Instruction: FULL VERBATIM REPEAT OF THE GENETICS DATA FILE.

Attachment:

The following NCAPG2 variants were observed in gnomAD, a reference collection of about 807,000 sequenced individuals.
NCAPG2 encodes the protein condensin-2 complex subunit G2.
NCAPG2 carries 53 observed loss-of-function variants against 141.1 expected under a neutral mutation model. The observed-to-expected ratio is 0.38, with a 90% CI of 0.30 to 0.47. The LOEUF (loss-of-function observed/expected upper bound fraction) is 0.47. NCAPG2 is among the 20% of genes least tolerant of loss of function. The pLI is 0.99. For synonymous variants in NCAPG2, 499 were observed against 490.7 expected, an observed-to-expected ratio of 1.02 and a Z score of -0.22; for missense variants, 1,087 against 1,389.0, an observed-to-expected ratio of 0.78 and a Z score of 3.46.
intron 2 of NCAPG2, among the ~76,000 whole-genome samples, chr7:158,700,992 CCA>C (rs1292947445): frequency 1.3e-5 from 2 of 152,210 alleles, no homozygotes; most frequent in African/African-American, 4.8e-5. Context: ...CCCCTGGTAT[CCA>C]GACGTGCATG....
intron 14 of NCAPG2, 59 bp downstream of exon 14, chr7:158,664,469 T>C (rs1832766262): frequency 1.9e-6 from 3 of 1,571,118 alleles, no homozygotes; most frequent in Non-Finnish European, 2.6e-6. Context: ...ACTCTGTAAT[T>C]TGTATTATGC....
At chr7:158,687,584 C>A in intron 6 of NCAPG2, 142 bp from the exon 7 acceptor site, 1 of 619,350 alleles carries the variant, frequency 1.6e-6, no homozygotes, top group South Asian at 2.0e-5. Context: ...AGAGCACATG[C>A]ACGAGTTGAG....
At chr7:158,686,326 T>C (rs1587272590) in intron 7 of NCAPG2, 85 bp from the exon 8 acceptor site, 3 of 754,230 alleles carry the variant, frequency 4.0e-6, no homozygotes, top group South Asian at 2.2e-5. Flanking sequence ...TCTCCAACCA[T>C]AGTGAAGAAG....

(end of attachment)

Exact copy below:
The following NCAPG2 variants were observed in gnomAD, a reference collection of about 807,000 sequenced individuals.
NCAPG2 encodes the protein condensin-2 complex subunit G2.
NCAPG2 carries 53 observed loss-of-function variants against 141.1 expected under a neutral mutation model. The observed-to-expected ratio is 0.38, with a 90% CI of 0.30 to 0.47. The LOEUF (loss-of-function observed/expected upper bound fraction) is 0.47. NCAPG2 is among the 20% of genes least tolerant of loss of function. The pLI is 0.99. For synonymous variants in NCAPG2, 499 were observed against 490.7 expected, an observed-to-expected ratio of 1.02 and a Z score of -0.22; for missense variants, 1,087 against 1,389.0, an observed-to-expected ratio of 0.78 and a Z score of 3.46.
intron 2 of NCAPG2, among the ~76,000 whole-genome samples, chr7:158,700,992 CCA>C (rs1292947445): frequency 1.3e-5 from 2 of 152,210 alleles, no homozygotes; most frequent in African/African-American, 4.8e-5. Context: ...CCCCTGGTAT[CCA>C]GACGTGCATG....
intron 14 of NCAPG2, 59 bp downstream of exon 14, chr7:158,664,469 T>C (rs1832766262): frequency 1.9e-6 from 3 of 1,571,118 alleles, no homozygotes; most frequent in Non-Finnish European, 2.6e-6. Context: ...ACTCTGTAAT[T>C]TGTATTATGC....
At chr7:158,687,584 C>A in intron 6 of NCAPG2, 142 bp from the exon 7 acceptor site, 1 of 619,350 alleles carries the variant, frequency 1.6e-6, no homozygotes, top group South Asian at 2.0e-5. Context: ...AGAGCACATG[C>A]ACGAGTTGAG....
At chr7:158,686,326 T>C (rs1587272590) in intron 7 of NCAPG2, 85 bp from the exon 8 acceptor site, 3 of 754,230 alleles carry the variant, frequency 4.0e-6, no homozygotes, top group South Asian at 2.2e-5. Flanking sequence ...TCTCCAACCA[T>C]AGTGAAGAAG....